EconPapers    
Economics at your fingertips  
 

Generalization in the Tropics – Development Policy, Randomized Controlled Trials, and External Validity

Jörg Peters (), Jörg Langbein and Gareth Roberts

World Bank Research Observer, 2018, vol. 33, issue 1, 34-64

Abstract: When properly implemented, Randomized Controlled Trials (RCT) achieve a high degree of internal validity. Yet, if an RCT is to inform policy, it is critical to establish external validity. This paper systematically reviews all RCTs conducted in developing countries and published in leading economic journals between 2009 and 2014 with respect to how they deal with external validity. Following Duflo, Glennerster, and Kremer (2008), we scrutinize the following hazards to external validity: Hawthorne effects, general equilibrium effects, specific sample problems, and special care in treatment provision. Based on a set of objective indicators, we find that the majority of published RCTs does not discuss these hazards and many do not provide the necessary information to assess potential problems. The paper calls for including external validity dimensions in a more systematic reporting on the results of RCTs. This may create incentives to avoid overgeneralizing findings and help policy makers to interpret results appropriately.

Date: 2018
References: Add references at CitEc
Citations: View citations in EconPapers (6) Track citations by RSS feed

Downloads: (external link)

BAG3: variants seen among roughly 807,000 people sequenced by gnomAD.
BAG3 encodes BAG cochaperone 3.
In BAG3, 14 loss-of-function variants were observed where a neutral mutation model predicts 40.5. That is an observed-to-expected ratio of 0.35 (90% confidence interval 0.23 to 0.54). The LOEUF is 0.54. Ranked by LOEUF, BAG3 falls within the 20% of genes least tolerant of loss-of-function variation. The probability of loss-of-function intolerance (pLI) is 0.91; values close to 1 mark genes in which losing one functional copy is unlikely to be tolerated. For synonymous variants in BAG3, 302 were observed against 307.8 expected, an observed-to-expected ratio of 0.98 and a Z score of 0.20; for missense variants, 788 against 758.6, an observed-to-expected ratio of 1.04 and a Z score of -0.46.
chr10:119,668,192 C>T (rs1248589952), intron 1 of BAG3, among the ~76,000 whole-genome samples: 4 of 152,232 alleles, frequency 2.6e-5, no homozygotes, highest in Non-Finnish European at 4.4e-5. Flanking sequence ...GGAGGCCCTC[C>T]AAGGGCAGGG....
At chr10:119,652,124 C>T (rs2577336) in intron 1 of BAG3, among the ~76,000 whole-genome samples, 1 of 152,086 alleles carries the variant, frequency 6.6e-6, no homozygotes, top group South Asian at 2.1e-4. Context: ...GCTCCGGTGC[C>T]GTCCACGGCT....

http://hdl.handle.net/10.1093/wbro/lkx005 (application/pdf)
Access to full text is restricted to subscribers.

Related works:
Working Paper: Generalization in the Tropics: Development policy, randomized controlled trials, and external validity (2017) Downloads
This item may be available elsewhere in EconPapers: Search for items with the same title.

Export reference: BibTeX RIS (EndNote, ProCite, RefMan) HTML/Text

Persistent link: https://EconPapers.repec.org/RePEc:oup:wbrobs:v:33:y:2018:i:1:p:34-64.

Ordering information: This journal article can be ordered from
http://www.oup.co.uk/journals

Access Statistics for this article

World Bank Research Observer is currently edited by Shantayanan Devarajan

More articles in World Bank Research Observer from World Bank Group Oxford University Press, Great Clarendon Street, Oxford OX2 6DP, UK. Contact information at EDIRC.
Bibliographic data for series maintained by Oxford University Press ().

 
Page updated 2020-07-18
Handle: RePEc:oup:wbrobs:v:33:y:2018:i:1:p:34-64.